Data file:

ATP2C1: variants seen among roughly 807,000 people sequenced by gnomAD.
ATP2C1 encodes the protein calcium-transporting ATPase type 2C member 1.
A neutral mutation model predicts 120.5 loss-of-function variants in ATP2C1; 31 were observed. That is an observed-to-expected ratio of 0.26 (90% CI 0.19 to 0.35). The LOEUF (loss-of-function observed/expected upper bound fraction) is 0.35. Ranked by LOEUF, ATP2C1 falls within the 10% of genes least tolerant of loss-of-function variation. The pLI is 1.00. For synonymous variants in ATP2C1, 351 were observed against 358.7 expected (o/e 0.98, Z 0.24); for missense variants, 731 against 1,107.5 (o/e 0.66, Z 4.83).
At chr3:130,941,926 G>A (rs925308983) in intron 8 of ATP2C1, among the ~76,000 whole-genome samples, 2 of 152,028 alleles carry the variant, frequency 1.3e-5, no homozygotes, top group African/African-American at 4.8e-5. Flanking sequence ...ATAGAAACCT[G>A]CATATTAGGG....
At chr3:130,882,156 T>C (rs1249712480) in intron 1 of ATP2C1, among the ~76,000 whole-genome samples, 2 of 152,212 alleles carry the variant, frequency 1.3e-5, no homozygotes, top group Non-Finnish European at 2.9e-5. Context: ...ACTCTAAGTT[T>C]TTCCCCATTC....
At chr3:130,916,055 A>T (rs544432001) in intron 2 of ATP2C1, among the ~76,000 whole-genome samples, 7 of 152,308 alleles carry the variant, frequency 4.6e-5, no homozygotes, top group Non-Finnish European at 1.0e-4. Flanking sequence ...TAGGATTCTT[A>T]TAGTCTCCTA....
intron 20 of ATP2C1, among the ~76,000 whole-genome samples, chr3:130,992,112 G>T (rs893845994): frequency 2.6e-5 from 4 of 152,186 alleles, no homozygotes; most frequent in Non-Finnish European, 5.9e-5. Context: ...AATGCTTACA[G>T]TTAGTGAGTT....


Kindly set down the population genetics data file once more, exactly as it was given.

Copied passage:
ATP2C1: variants seen among roughly 807,000 people sequenced by gnomAD.
ATP2C1 encodes the protein calcium-transporting ATPase type 2C member 1.
A neutral mutation model predicts 120.5 loss-of-function variants in ATP2C1; 31 were observed. That is an observed-to-expected ratio of 0.26 (90% CI 0.19 to 0.35). The LOEUF (loss-of-function observed/expected upper bound fraction) is 0.35. Ranked by LOEUF, ATP2C1 falls within the 10% of genes least tolerant of loss-of-function variation. The pLI is 1.00. For synonymous variants in ATP2C1, 351 were observed against 358.7 expected (o/e 0.98, Z 0.24); for missense variants, 731 against 1,107.5 (o/e 0.66, Z 4.83).
At chr3:130,941,926 G>A (rs925308983) in intron 8 of ATP2C1, among the ~76,000 whole-genome samples, 2 of 152,028 alleles carry the variant, frequency 1.3e-5, no homozygotes, top group African/African-American at 4.8e-5. Flanking sequence ...ATAGAAACCT[G>A]CATATTAGGG....
At chr3:130,882,156 T>C (rs1249712480) in intron 1 of ATP2C1, among the ~76,000 whole-genome samples, 2 of 152,212 alleles carry the variant, frequency 1.3e-5, no homozygotes, top group Non-Finnish European at 2.9e-5. Context: ...ACTCTAAGTT[T>C]TTCCCCATTC....
At chr3:130,916,055 A>T (rs544432001) in intron 2 of ATP2C1, among the ~76,000 whole-genome samples, 7 of 152,308 alleles carry the variant, frequency 4.6e-5, no homozygotes, top group Non-Finnish European at 1.0e-4. Flanking sequence ...TAGGATTCTT[A>T]TAGTCTCCTA....
intron 20 of ATP2C1, among the ~76,000 whole-genome samples, chr3:130,992,112 G>T (rs893845994): frequency 2.6e-5 from 4 of 152,186 alleles, no homozygotes; most frequent in Non-Finnish European, 5.9e-5. Context: ...AATGCTTACA[G>T]TTAGTGAGTT....